Koreans fighting alongside Japanese in the first tank battle of WWII era

http://www.youtube.com/results?search_query=my+way+movie+

Hi readers:  I first saw this film on Netflix and it made a big impression on me.  Unfortunately it’s been a while.  I was in the hospital when I watched it first, so some of the details are vague to me now.  But it’s probably the first movie ever to be filmed about Khalkhin Gol.

Khalkhin-Gol: The forgotten battle that shaped WW2

In August 1939, just weeks before Hitler and Stalin invaded Poland, the Soviet Union and Japan fought a massive tank battle on the Mongolian border – the largest the world had ever seen.

Under the then unknown Georgy Zhukov, the Soviets won a crushing victory at the batte of Khalkhin-Gol (known in Japan as the Nomonhan Incident). Defeat persuaded the Japanese to expand into the Pacific, where they saw the United States as a weaker opponent than the Soviet Union. If the Japanese had not lost at Khalkhin Gol, they may never have attacked Pearl Harbor.

The Japanese decision to expand southwards also meant that the Soviet Eastern flank was secured for the duration of the war. Instead of having to fight on two fronts, the Soviets could mass their troops – under the newly promoted General Zhukov – against the threat of Nazi Germany in the West.

In terms of its strategic impact, the battle of Khalkhin Gol was one of the most decisive battles of the Second World War, but no-one has ever heard of it. Why?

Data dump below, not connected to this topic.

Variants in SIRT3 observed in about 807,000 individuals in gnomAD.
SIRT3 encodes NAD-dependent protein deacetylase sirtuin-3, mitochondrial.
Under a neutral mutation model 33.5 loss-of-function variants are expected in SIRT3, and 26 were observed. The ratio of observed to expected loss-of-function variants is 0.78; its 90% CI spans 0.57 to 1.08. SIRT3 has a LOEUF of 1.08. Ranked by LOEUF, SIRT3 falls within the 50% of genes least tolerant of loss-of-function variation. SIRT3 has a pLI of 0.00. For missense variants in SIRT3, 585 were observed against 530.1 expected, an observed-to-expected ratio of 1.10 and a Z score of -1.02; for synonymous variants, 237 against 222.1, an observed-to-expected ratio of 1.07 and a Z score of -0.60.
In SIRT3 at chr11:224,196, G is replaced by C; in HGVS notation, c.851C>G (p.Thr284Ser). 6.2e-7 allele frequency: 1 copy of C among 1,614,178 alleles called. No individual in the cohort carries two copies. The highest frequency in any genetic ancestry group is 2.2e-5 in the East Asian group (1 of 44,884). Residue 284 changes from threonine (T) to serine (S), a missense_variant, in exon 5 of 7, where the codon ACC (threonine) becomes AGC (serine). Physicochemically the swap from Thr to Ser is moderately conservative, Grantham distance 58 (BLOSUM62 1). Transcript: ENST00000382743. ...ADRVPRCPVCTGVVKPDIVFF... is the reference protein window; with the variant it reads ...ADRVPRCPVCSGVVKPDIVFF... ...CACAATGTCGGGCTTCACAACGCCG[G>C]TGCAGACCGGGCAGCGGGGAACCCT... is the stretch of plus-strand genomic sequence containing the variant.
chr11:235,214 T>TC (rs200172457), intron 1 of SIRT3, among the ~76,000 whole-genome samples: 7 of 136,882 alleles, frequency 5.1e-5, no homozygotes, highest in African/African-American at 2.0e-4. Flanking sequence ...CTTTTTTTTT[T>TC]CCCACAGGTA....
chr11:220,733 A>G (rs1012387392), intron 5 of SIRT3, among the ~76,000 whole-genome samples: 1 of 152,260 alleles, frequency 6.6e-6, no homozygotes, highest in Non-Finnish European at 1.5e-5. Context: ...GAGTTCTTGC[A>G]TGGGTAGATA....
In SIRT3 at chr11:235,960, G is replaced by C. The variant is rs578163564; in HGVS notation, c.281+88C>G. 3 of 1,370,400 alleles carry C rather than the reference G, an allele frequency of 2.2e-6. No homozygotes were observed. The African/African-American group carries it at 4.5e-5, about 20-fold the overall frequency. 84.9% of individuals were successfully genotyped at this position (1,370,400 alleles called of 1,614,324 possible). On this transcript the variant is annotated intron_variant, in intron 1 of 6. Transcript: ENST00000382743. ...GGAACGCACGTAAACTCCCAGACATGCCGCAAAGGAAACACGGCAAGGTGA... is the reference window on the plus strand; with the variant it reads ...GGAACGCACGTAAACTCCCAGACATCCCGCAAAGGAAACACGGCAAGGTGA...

http://historyofrussia.org/khalkhin-gol-battle-nomonhan/

The Korean movie industry scored a big one with My Way.  The theme or setting is two kids, one Japanese, the other Korean competing as runners in pre-WWII Japan.  But when the Japanese Kwantung Army rubs up against the Soviet Army in Manchuria both are sent there in time for the earliest tank battle of WWII era.  [Western thought about when WWII began places the battle pre-WWII]

So when the USSR kicks the ass of Japan in the battle, the two are captured and sent to a Soviet POW camp.  Eventually they’re allowed to volunteer for slave labor on the front where the USSR is fighting German troops.  And they’re captured, allowed to fight for the Germans next, because Japan, of course, was an ally to Germany.

As D Day approaches they find themselves on the beaches of Normandy constructing shore defenses.

One hell of a movie.

I see by the clips on YouTube a lot of people agree with me.  Some even say it’s the best movie they’ve ever seen.  Maybe you’ll find it absorbing.

Thank you for your service, all you young Soviets, Japanese and Koreans.

Old Jules

 

 

 

 

 

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